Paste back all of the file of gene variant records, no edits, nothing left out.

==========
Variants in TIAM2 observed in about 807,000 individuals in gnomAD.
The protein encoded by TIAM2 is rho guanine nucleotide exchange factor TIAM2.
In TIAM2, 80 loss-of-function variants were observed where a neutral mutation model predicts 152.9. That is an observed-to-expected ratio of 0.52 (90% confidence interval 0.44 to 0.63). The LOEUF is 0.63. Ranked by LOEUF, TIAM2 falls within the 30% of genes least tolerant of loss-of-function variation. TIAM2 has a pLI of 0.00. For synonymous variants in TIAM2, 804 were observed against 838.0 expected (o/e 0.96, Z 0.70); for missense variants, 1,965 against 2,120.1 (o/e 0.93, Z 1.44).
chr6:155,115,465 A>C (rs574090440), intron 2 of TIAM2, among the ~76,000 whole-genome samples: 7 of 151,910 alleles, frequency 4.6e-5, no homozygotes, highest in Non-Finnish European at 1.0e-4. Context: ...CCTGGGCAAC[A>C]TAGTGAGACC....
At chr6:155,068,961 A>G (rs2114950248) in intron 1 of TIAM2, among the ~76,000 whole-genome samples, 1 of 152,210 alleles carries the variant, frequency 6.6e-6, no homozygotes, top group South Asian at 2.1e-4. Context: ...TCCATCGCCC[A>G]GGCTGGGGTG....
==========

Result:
Variants in TIAM2 observed in about 807,000 individuals in gnomAD.
The protein encoded by TIAM2 is rho guanine nucleotide exchange factor TIAM2.
In TIAM2, 80 loss-of-function variants were observed where a neutral mutation model predicts 152.9. That is an observed-to-expected ratio of 0.52 (90% confidence interval 0.44 to 0.63). The LOEUF is 0.63. Ranked by LOEUF, TIAM2 falls within the 30% of genes least tolerant of loss-of-function variation. TIAM2 has a pLI of 0.00. For synonymous variants in TIAM2, 804 were observed against 838.0 expected (o/e 0.96, Z 0.70); for missense variants, 1,965 against 2,120.1 (o/e 0.93, Z 1.44).
chr6:155,115,465 A>C (rs574090440), intron 2 of TIAM2, among the ~76,000 whole-genome samples: 7 of 151,910 alleles, frequency 4.6e-5, no homozygotes, highest in Non-Finnish European at 1.0e-4. Context: ...CCTGGGCAAC[A>C]TAGTGAGACC....
At chr6:155,068,961 A>G (rs2114950248) in intron 1 of TIAM2, among the ~76,000 whole-genome samples, 1 of 152,210 alleles carries the variant, frequency 6.6e-6, no homozygotes, top group South Asian at 2.1e-4. Context: ...TCCATCGCCC[A>G]GGCTGGGGTG....